Thesis - Open Access
Master of Science (MS)
Biology and Microbiology
George S. Torrey
Campylobacters are found in the reproductive organs, intestinal tract and oral cavity of man and animals. The organism was first isolated over 75 years ago and Campylobacter jejuni is now recognized as a pathogen of increasing importance, occasionally causing fatal acute and subacute gastrointestinal illness in humans. From 1973 to 1981, C. jejuni was isolated as frequently as Salmonellae and over three times as often as Shigellae from patients with diarrhea. The number of isolations of C. jejuni from feces of patients with diarrhea increases yearly and the number of cases reported are believed to be an underestimation of the actual number of worldwide infections caused by C. jejuni.. Special culture media have been developed that make possible isolation of many C. jejuni isolates at concentrations of <1 cell/ml from milk (62), <1 cell/g of hamburger and <1 cell/g of eviscerated chickens. It is possible that the bacterium dies before samples of the implicated source can be checked for C. jejuni. However, some C. jejuni isolates have survived in raw milk for 21 days, chicken for 14 - days, and beef for 35 days. The average incubation period before an outbreak of C. jejuni is 3.5 days. Thus, at the time an outbreak is reported and a source determined there should still be time to isolate C. jejuni from the source before viable cells are no longer present. There is a need to determine in vitro and in vivo parameters which control the survival and growth of C. jejuni. One approach to this research is to determine if C. jejuni grows in media which are not conventionally sterilized by moist heat. Campylobacter jejuni, degenerates to a non-viable, coccoid form when cultured on autoclaved media.. Amino acids and tricarboxcylic acid cycle intermediates are the only compounds known to be used by C. jejuni as energy sources, so it is important to keep these compounds from becoming altered when culture media are sterilized. Culture media sterilized by gamma irradiation may increase growth rates of fastidious organisms including C. jejuni and subsequently improve isolation of this bacterium from foods. The purpose of this research was to study the growth of C. jejuni in media sterilized by moist heat under pressure (autoclaving ) or by irradiation . If gamma irradiation of media does not destroy media components sensitive to conventional thermal sterilization, its use may make cultivation of fastidious organisms easier thus allowing improved, more frequent isolation of C. jejuni from suspected sources during outbreaks of food borne illnesses.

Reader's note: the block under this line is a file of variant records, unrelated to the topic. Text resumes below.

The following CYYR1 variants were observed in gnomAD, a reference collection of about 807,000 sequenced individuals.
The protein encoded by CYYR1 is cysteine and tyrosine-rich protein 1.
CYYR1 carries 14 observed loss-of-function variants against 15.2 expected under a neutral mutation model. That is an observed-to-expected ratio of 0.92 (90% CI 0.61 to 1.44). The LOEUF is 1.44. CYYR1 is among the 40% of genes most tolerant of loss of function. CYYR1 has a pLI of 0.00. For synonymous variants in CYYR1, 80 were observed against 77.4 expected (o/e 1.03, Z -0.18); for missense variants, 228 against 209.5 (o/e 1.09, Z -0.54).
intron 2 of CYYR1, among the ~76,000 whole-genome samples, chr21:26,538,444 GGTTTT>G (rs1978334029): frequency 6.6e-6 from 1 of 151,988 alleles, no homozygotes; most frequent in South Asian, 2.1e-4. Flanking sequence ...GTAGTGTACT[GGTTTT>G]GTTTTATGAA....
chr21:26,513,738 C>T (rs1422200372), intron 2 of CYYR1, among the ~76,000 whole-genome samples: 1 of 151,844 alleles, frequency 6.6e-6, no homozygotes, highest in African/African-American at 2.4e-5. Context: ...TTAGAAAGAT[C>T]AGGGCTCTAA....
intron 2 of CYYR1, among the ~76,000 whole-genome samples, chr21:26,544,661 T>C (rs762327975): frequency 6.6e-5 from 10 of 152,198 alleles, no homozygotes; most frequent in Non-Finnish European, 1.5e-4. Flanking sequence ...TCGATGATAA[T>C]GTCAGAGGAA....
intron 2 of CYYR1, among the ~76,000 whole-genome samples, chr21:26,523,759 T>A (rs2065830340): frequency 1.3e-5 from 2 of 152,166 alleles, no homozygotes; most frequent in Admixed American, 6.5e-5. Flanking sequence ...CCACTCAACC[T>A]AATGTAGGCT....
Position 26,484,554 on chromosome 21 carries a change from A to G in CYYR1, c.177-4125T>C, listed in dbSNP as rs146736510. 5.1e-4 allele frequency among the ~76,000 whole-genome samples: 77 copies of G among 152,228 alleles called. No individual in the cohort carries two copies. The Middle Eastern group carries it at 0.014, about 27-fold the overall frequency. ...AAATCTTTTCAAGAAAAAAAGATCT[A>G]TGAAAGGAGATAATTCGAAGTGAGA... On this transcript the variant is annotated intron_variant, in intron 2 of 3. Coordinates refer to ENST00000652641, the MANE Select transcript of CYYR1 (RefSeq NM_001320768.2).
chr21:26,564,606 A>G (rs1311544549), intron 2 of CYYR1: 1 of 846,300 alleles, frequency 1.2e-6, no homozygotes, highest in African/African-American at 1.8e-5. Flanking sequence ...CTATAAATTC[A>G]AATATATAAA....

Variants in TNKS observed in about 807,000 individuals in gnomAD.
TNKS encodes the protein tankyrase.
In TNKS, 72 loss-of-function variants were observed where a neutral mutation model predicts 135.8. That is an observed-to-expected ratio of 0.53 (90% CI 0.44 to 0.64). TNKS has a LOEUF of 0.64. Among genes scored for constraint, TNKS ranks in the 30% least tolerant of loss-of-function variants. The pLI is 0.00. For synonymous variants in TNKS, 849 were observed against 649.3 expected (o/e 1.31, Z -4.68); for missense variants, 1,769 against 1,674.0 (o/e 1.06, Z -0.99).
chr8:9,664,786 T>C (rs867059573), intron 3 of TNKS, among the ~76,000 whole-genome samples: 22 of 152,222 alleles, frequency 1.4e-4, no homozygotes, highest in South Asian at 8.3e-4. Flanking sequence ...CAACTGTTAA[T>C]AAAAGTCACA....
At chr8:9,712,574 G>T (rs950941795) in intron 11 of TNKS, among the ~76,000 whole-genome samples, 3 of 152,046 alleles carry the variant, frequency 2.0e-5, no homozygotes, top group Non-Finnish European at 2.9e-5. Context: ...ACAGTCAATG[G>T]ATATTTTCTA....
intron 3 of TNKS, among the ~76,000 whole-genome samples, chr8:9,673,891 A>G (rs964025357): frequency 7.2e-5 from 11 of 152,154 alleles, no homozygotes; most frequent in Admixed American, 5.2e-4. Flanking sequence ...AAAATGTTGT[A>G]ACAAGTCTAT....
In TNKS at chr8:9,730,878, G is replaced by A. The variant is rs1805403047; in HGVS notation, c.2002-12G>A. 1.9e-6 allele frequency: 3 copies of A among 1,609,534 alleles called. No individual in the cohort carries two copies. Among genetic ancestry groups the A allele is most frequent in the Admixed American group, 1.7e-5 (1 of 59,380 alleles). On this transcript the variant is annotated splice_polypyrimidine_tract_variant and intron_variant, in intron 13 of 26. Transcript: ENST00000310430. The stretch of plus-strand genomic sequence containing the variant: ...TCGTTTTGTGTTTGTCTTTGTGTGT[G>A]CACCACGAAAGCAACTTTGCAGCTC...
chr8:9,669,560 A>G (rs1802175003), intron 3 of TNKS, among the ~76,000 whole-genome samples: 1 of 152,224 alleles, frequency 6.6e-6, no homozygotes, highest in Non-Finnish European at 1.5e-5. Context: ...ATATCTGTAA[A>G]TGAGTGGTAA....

Library of Congress Subject Headings
Campylobacter infections -- Prevention
Campylobacter infections -- Research
Number of Pages
South Dakota State University
McAloon, Todd Richard, "Growth of Campylobacter Jejuni in Autoclaved and Irradiated Media" (1988). Electronic Theses and Dissertations. 4525.